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S. Panda, V. Piamonte, B. M. Steffy, T. Wiltshire, N. Tanaka, S. Gill, L. Tarantino; A Novel Point Mutation in the Mouse Nrl Gene Causes Developmental Reprogramming of the Retina. Invest. Ophthalmol. Vis. Sci. 2008;49(13):4000. doi: https://doi.org/.
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© ARVO (1962-2015); The Authors (2016-present)
Congenital ocular defects in mice have served as an excellent model to understand molecular bases of human diseases. To identify novel mutations leading to abnormal retina development or retina degeneration we undertook phenotypic screen of ENU mutagenized mice. This approach often yields subtle missense mutations that closely resemble respective causal mutations underlying human diseases.
Families of mice derived from founder C57Bl/6J male mice mutagenized with ENU were screened for congenital ocular defects by indirect ophthalmoscopy. Multiple members of a mutant family showed signs of retina degeneration and the family was selected for map based cloning. Genome-wide linkage analysis and position based cloning approaches were used to identify the causal mutation. Immunohistochemcial examination of the retina was performed to identify specific cellular defects in the mutant. Genome-wide transcriptional profiling of the retina was performed to identify specific gene expression changes in the mutant mouse.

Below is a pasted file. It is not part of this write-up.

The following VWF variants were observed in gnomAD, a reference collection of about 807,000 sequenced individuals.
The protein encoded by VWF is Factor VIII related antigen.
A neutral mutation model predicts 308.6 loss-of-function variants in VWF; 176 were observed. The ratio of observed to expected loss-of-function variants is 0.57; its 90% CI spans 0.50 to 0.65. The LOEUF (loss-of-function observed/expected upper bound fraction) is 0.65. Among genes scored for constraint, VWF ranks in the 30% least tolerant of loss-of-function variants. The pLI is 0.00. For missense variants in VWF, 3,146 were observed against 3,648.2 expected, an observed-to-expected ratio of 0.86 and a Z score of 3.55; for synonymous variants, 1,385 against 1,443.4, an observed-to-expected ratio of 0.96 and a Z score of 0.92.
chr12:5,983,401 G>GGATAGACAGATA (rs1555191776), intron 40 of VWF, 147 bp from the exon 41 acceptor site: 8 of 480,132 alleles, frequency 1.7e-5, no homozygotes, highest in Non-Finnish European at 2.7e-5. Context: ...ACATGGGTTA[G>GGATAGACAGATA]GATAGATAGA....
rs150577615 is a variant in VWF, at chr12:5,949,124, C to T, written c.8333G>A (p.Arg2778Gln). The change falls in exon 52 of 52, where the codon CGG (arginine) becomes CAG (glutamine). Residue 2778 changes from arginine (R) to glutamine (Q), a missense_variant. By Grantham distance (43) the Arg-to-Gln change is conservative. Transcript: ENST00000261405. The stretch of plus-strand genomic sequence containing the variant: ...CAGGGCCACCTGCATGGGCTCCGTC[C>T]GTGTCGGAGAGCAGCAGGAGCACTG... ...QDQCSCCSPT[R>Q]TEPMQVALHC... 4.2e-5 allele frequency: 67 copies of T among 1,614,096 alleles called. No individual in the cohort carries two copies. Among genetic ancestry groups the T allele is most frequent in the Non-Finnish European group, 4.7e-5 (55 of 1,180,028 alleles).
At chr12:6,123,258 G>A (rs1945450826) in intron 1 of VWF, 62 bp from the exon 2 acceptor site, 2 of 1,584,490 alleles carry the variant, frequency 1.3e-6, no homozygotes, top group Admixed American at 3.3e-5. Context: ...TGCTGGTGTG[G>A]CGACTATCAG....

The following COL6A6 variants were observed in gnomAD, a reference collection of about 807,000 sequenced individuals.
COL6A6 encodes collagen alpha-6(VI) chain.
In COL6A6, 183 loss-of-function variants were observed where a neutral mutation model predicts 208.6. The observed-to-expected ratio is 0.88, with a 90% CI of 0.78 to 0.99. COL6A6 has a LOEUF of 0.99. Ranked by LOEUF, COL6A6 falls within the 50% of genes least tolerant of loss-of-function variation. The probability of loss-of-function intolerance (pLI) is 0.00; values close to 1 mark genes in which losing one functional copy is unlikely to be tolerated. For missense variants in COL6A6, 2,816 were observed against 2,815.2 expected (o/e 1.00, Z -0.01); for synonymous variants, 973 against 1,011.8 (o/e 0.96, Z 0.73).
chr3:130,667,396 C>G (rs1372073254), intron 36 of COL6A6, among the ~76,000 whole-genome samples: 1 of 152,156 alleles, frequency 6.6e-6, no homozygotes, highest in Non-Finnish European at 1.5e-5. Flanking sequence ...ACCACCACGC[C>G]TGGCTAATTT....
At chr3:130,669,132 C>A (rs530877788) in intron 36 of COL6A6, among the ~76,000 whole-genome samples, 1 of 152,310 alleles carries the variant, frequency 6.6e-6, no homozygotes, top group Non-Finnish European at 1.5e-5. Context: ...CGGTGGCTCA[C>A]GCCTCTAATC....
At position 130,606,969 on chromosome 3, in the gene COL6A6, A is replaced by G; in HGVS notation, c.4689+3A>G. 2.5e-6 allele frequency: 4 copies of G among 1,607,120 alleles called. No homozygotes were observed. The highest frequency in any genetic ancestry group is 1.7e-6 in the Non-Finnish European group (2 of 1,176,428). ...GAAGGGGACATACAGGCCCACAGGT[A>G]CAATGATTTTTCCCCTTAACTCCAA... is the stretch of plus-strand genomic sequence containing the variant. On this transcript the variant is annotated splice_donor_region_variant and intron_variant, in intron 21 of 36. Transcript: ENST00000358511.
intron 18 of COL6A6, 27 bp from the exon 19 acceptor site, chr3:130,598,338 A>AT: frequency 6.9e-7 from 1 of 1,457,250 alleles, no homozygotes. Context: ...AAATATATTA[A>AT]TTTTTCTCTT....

The mutant was autosomal recessive and fully penetrant, which exhibits severe loss of rod outer segment at 8 weeks of age. The mice are born with no other obvious developmental, physiological or reproductive abnormality. Positional cloning revealed a missense mutation in the protein coding region of the gene encoding basic motif/leucine zipper domain containing protein Nrl that changes a conserved residue in the DNA binding domain. The amino acid mutation likely renders the protein non-functional as the mutant mice phenocopy several key phenotypes of the homozygous loss-of-function allele of Nrl, including loss of rhodopsin expression and loss of several markers of rod photoreceptors. There is also a significant increase in the mRNA level of S-cone opsin and other cone photoreceptor markers. Interestingly, the mutant also showed no detectable level of Nrl mRNA in the retina.
Missense mutation in the Nrl gene in a region where many disease causing human mutations have been identified offers an ideal animal model for the human disease. The significant reduction in Nrl mRNA level in the mutant implies the mutation either causes rapid degradation of the RNA or functional NRL protein product is necessary to maintain its own transcription.
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